The objectives of this study were 1) to determine the gene expression profile for BMP-2 and the components of the BMP-signaling pathway in a large number of human OSCCA cell lines, 2) to detect whether stimulation of the BMP-2 signaling pathway has adverse biologic effects in vivo on xenografts established from human OSCCA cell lines in an orthotopic animal model, and 3) to establish if rhBMP-2 treatment changes expression profiles of protein kinases involved with tumorigenesis in an oral cancer cell line.
Twenty-seven human oral squamous carcinoma cell lines were provided by Dr. Susanne M. Gollin (University of Pittsburgh, Pittsburgh, PA; UPCI:SCC). Cells were maintained in minimum essential medium (MEM) (Invitrogen, Carlsbad, CA) supplemented with Earle's salt, L-glutamine, 1X NEAA, 10% fetal bovine serum (FBS), and gentamicin. Three human oral squamous carcinoma cell lines were provided by Dr. Thomas E. Carey (University of Michigan, Ann Arbor, MI; UMSCC). These cells and MG-63, an osteosarcoma-derived osteoblastic cell line, were grown in Dulbecco's modified Eagle's medium (Mediatech Inc., Manasses, VA) supplemented with 4.5 g/L glucose, L-glutamine, 10% FBS, 1X NEAA, and penicillin-streptomycin. Cultures were maintained at 37° C in an atmosphere of 5% CO2. All 30 cell lines were derived from previously untreated primary disease sites, including the tongue, alveolar ridge, retromolar trigone, buccal, and floor-of-mouth subsites.
Total RNA was isolated by TRIzol Reagent (Invitrogen) according to the manufacturer's protocol. Reverse transcription to produce first strand cDNA was performed with 2 μg of total RNA by High-Capacity cDNA Reverse Transcription kit with RNase inhibitor (Applied Biosystems, Foster City, CA) in accordance with the manufacturer's protocols. The BMP-2, BMP receptors, and Smads transcripts were amplified from the cDNA by conventional PCR using gene-specific primers13–18 (Table I). For BMP-2 gene expression, normal human oral mucosa was used as negative control, and MG-63 was used as positive control.10,19 Each sample was tested in duplicate in three independent experimental runs.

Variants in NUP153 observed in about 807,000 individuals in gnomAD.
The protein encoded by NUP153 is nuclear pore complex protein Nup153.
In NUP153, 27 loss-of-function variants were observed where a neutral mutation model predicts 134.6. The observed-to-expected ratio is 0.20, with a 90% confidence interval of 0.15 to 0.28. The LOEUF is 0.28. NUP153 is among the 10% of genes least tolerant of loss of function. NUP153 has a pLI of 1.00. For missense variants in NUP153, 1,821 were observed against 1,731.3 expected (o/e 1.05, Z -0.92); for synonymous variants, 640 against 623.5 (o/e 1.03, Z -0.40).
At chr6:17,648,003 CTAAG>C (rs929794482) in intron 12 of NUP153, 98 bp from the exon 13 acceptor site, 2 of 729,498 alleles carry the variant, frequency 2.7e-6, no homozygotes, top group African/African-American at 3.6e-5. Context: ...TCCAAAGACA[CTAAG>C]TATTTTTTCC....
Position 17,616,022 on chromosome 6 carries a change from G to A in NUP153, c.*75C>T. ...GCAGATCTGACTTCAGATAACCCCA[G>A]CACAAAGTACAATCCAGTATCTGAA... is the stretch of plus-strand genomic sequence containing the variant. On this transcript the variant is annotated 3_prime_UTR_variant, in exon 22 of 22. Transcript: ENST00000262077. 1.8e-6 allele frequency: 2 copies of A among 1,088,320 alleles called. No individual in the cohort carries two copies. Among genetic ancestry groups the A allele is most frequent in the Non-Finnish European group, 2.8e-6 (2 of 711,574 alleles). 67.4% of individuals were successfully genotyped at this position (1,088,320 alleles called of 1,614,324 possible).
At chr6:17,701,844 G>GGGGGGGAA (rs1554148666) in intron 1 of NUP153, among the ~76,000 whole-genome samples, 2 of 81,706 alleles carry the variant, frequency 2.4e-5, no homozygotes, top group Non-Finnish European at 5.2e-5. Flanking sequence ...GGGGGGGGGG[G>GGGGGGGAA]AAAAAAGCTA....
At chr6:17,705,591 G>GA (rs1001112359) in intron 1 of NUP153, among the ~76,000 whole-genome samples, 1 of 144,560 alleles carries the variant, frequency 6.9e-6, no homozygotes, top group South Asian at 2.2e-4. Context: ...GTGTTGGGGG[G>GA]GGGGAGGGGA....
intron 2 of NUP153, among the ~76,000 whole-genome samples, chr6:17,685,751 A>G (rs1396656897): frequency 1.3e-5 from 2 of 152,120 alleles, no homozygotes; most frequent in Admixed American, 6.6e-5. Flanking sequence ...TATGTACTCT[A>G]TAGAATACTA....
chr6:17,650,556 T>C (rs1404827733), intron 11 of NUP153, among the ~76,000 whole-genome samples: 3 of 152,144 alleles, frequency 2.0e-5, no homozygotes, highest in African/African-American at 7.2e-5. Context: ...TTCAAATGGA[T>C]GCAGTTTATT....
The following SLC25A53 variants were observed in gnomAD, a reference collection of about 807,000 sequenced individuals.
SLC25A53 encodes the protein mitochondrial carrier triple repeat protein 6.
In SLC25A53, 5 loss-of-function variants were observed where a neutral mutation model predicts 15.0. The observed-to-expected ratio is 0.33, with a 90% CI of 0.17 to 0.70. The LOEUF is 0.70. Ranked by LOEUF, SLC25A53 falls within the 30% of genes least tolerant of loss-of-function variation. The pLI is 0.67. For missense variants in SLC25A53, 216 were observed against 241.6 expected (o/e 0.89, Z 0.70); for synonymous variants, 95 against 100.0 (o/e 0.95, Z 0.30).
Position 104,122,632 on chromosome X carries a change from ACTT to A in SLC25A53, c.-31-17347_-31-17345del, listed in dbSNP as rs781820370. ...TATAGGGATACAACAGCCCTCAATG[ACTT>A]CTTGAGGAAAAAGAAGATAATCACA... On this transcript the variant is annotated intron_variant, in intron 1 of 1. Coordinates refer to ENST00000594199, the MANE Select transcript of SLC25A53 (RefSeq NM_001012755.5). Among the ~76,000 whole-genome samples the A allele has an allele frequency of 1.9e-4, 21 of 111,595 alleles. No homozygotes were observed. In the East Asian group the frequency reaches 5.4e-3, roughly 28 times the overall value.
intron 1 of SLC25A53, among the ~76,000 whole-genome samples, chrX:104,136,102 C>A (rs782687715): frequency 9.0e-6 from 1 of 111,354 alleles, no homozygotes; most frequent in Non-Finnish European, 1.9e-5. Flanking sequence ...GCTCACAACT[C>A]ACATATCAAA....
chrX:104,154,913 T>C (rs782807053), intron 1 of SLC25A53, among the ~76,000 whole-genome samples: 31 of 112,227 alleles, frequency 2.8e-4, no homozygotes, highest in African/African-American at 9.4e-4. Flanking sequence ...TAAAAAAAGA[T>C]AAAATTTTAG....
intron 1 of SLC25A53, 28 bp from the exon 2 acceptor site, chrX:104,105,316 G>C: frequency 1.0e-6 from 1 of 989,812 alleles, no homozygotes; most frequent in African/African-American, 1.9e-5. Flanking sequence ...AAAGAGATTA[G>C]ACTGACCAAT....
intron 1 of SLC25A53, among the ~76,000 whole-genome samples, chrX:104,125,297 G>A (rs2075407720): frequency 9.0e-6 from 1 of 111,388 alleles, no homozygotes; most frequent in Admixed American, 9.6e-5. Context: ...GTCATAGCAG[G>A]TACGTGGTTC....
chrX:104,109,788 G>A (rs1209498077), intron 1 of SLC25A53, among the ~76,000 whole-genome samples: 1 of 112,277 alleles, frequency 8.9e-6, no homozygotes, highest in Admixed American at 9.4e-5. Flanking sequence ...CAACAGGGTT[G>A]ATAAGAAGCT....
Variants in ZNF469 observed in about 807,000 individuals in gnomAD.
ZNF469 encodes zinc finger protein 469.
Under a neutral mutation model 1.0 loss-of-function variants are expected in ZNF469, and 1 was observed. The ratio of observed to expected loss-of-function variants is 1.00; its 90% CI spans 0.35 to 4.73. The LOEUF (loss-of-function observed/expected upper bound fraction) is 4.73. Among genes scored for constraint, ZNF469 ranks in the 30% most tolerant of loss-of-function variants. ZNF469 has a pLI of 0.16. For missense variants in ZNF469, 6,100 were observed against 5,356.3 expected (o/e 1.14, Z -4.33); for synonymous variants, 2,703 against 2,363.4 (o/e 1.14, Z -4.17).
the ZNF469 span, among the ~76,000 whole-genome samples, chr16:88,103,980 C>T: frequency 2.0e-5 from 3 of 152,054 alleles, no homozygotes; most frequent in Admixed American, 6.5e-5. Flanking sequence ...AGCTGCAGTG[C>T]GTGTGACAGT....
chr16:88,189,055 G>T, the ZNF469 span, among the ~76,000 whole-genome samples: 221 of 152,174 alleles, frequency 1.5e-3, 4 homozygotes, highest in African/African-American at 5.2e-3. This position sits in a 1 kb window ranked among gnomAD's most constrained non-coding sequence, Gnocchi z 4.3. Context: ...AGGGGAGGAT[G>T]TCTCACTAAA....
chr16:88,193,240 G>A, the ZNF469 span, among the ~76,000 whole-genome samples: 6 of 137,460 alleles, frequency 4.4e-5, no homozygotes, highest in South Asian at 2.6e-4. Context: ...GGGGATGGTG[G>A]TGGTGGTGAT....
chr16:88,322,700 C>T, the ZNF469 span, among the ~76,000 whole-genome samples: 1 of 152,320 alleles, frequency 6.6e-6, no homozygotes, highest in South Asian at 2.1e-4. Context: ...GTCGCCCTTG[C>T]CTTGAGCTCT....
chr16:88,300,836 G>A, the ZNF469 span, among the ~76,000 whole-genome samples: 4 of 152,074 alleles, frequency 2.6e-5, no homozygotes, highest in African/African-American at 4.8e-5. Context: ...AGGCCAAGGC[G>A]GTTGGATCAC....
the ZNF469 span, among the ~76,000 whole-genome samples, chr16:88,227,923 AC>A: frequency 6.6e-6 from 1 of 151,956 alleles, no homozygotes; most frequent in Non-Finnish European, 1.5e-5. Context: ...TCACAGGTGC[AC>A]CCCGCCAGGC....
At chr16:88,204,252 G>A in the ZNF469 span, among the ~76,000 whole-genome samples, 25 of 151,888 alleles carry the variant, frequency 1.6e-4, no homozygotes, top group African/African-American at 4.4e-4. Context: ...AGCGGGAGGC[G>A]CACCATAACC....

All procedures involving animals were performed in accordance with protocols approved by the Animal Studies Committee at the Washington University School of Medicine. Six-week-old athymic NCr-nu/nu males were purchased from the National Cancer Institute (Frederick, MD) and housed under pathogen-free conditions. Two oral squamous carcinoma cell lines were used to establish xenografts. The cell line UMSCC-14A was originally derived from an OSCCA from the floor of the mouth, and the cell line UMSCC-74A was derived from an OSCCA from the tongue. Preliminary tumor growth experiments established the appropriate cell inoculums of 2 × 106 cells for UMSCC-14A and 1.5 × 106 cells for UMSCC-74A cells (data not shown). There were two treatment groups for each cell line. Group 1 consisted of cells that were initially kept in OPTIMEM reduced-serum medium (Invitrogen) for 48 hours prior to injection to establish control groups. Group 2 consisted of cells that were pretreated with rhBMP-2 (Sigma-Aldrich, St. Louis, MO) at 100 ng/mL for 48 hours in OPTIMEM reduced-serum medium prior the injection. For orthotopic injections, cells were suspended in 50 μl of phosphate buffered saline (Mediatech Inc.). After the mice were anesthetized, cells were injected into the tongue tip using an orthotopic nude mouse model for oral cancer that has been previously described.20 Xenograft formation and animal survival were monitored and recorded weekly and at the end of the experiment. The following criteria were used to terminate the experiment: animal weight loss >25% of preinjected weight, inability to access food/water, tumor ulceration/bleeding, respiratory symptoms, or moribund appearance. The tumors were surgically removed, separated from surrounding tissue under the microscope, and divided in half with one portion placed in 2% paraformaldehyde and the other fresh frozen in liquid nitrogen. Regional lymph nodes, brain, lung, and liver tissue were harvested from each animal and preserved in 2% paraformaldehyde.